Marx argues that each significant period in history is constructed around a particular ‘mode of production’: that is, the way in which a society is organized (i.e. slave, feudal, capitalist, etc.) to produce the material necessaries of life – food, shelter, etc. In general terms, each mode of production produces: (i) specific ways of obtaining the necessaries of life; (ii) specific social relationships between workers and those who control the mode of production, and (iii) specific social institutions (including cultural ones). At the heart of this analysis is the claim that how a society produces its means of existence ultimately determines the political, social and cultural shape of that society and its possible future development. As Marx explains, ‘The mode of production of material life conditions the social, political and intellectual life process in general’. This claim is based on certain assumptions about the relationship between ‘base’ and ‘superstructure’. It is on this relationship – between ‘base’ and ‘superstructure’ – that Marx’s account of culture rests.

The ‘base’ consists of a combination of the ‘forces of production’ and the ‘relations of production’. The forces of production refer to the raw materials, the tools, the technology, the workers and their skills, etc. The relations of production refer to the class relations of those engaged in production. That is, each mode of production, besides being different, say, in terms of its basis in agrarian or industrial production, is also different in that it produces certain fundamental relations of production (not the only ones, but those from which others develop): the slave mode produces master/slave relations; the feudal mode produces lord/peasant relations; the capitalist mode produces bourgeois/proletariat relations. It is in this sense that one’s class position is determined by one’s relationship to the mode of production.

RC article

The Pyramid of Capitalist System, American cartoon caricature published in Industrial Worker, 1911

The superstructure consists of institutions (political, legal, educational, cultural, etc.), and what Marx calls ‘definite forms of social consciousness’ (political, religious, ethical, philosophical, aesthetic, cultural, etc.) generated by these institutions. The base ‘conditions’ or ‘determines’ the content and form of the superstructure. The relationship involves the setting of limits; the providing of a specific framework in which some developments are probable and others unlikely. Regardless of how we view the relationship, we will not fully understand it if we reduce the base to an economic monolith (a static economic institution) and forget that for Marx the base also includes social relations and class antagonisms and these also find expression in the superstructure. This means we should not think of the superstructure as a series of institutions that produce ways of thinking and acting that simply legitimate the activities of the base.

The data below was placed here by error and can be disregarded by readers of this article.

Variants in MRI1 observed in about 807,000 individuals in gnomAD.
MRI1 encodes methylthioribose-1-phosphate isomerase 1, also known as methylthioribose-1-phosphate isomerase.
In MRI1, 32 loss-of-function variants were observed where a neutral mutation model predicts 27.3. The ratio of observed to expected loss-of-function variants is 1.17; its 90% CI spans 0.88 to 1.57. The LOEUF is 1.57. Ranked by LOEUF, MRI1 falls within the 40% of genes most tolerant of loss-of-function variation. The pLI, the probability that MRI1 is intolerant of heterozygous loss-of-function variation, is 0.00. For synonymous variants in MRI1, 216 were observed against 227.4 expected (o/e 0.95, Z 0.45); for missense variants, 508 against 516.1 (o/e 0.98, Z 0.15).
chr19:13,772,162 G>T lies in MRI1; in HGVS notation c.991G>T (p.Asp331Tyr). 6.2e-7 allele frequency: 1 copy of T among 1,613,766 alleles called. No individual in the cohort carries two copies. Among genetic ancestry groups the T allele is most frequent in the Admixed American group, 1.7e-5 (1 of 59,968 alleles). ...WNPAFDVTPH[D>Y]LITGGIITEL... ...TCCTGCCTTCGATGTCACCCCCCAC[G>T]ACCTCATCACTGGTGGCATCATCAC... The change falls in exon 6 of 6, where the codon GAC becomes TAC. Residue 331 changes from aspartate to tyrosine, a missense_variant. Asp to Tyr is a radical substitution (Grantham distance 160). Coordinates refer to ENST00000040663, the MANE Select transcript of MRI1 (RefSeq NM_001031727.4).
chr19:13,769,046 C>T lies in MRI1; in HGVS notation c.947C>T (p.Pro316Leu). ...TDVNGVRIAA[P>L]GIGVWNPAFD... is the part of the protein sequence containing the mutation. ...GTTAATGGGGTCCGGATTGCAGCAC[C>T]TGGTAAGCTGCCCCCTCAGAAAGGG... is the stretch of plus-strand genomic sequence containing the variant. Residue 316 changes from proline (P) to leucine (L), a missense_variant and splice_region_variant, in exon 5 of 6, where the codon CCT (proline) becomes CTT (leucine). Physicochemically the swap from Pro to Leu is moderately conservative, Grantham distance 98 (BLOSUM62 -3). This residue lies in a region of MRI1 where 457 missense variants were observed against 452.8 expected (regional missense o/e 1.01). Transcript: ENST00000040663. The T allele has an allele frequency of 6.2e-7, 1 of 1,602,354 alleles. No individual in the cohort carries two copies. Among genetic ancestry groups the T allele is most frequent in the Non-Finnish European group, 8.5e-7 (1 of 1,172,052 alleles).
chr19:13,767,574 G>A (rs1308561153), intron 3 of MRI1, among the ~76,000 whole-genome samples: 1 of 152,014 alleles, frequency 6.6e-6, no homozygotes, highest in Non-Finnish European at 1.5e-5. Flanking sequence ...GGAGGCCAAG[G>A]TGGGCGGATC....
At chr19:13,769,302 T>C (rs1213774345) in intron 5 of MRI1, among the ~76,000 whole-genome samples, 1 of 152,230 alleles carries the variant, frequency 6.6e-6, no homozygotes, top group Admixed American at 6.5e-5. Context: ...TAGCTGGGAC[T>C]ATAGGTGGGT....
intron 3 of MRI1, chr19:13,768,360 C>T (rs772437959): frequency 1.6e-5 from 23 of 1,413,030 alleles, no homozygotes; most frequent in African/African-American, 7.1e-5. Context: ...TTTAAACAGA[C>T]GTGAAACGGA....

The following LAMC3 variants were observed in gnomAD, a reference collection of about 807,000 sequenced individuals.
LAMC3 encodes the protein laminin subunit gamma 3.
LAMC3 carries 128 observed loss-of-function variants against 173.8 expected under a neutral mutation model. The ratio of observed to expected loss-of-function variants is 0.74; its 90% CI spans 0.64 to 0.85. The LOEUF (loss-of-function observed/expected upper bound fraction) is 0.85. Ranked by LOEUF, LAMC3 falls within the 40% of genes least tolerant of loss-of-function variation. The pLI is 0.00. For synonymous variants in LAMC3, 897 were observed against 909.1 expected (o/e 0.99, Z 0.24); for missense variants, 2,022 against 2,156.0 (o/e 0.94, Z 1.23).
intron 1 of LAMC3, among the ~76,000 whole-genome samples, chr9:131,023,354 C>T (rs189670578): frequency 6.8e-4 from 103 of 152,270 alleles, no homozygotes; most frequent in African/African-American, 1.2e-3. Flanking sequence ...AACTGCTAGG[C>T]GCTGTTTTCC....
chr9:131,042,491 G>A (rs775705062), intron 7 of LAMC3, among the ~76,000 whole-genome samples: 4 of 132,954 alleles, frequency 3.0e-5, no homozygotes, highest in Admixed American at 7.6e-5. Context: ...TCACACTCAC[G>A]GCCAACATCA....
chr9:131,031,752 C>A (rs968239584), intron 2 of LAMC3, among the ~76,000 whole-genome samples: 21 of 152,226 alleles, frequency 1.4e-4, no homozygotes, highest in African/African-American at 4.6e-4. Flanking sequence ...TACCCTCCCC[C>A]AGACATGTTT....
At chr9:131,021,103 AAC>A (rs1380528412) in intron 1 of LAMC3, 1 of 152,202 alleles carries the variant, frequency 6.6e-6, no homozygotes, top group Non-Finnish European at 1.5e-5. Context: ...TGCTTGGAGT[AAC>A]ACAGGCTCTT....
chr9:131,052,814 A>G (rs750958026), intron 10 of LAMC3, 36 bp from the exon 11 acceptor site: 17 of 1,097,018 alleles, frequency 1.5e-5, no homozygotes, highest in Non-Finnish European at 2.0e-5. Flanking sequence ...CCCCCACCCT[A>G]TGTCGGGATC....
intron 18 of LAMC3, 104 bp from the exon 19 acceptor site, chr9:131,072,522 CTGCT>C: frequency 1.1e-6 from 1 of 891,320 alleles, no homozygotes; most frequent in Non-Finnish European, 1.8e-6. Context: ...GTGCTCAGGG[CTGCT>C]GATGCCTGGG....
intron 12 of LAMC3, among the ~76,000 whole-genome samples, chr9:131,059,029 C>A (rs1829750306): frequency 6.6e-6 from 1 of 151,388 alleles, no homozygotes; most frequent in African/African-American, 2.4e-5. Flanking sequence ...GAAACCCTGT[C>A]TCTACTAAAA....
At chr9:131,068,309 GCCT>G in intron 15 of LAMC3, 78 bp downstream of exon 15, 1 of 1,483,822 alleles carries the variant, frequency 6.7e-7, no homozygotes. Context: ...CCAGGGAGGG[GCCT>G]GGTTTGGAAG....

For example, capitalism is the only mode of production to introduce mass education. This is because capitalism is the first mode of production to require an educated workforce. However, while mass education is a requirement of the system, and it is organised as if it had no other purpose than to prepare people for work, it can also be a threat to the system: workers can be ‘educated’ into active and organised opposition to the exploitative demands of capitalism. In this example, and many others, we can see the superstructure as a terrain of both incorporation and resistance (‘class struggle’). Culture plays a significant role in this drama of legitimation and challenge.

Sometimes, as I have already suggested, the relations between base and superstructure are seen as a mechanical relationship of cause and effect (‘economic determinism’): what happens in the superstructure is a passive reflection of what is happening in the base. This often results in a vulgar ‘reflection theory’ of culture, in which the politics of a text or practice are read off from, or reduced to, the material conditions of its production (‘It’s Hollywood, so what do you expect?’). After Marx’s death in 1883, Frederick Engels, friend and collaborator, found himself having to explain, through a series of letters, many of the subtleties of Marxism to younger socialists who, in their revolutionary enthusiasm, threatened to reduce it to a form of economic determinism. Here is part of his famous letter to Joseph Bloch:

According to the materialist conception of history, the ultimately determining element in history is the production and reproduction of real life. Neither Marx nor I have ever asserted more than this. Therefore, if somebody twists this into saying that the economic factor is the only determining one, he is transforming that proposition into a meaningless, abstract, absurd phrase. The economic situation is the basis, but the various components of the superstructure . . . also exercise their influence upon the course of the historical struggles and in many cases determine their form.

What Engels is pointing to is that the base produces the superstructural terrain (this terrain and not that), but that the form of activity that takes place there is determined not just by the fact that the terrain was produced and is reproduced by the base (although this clearly sets limits and influences outcomes), but by the interaction of the institutions and the participants as they occupy the terrain. What Engels alerts us to are the other things we need to consider when engaging critically with culture. While Marx provides a general theory of history and politics, in which it is important to locate a cultural text or practice, there will always remain questions that relate to its formal qualities and specific traditions.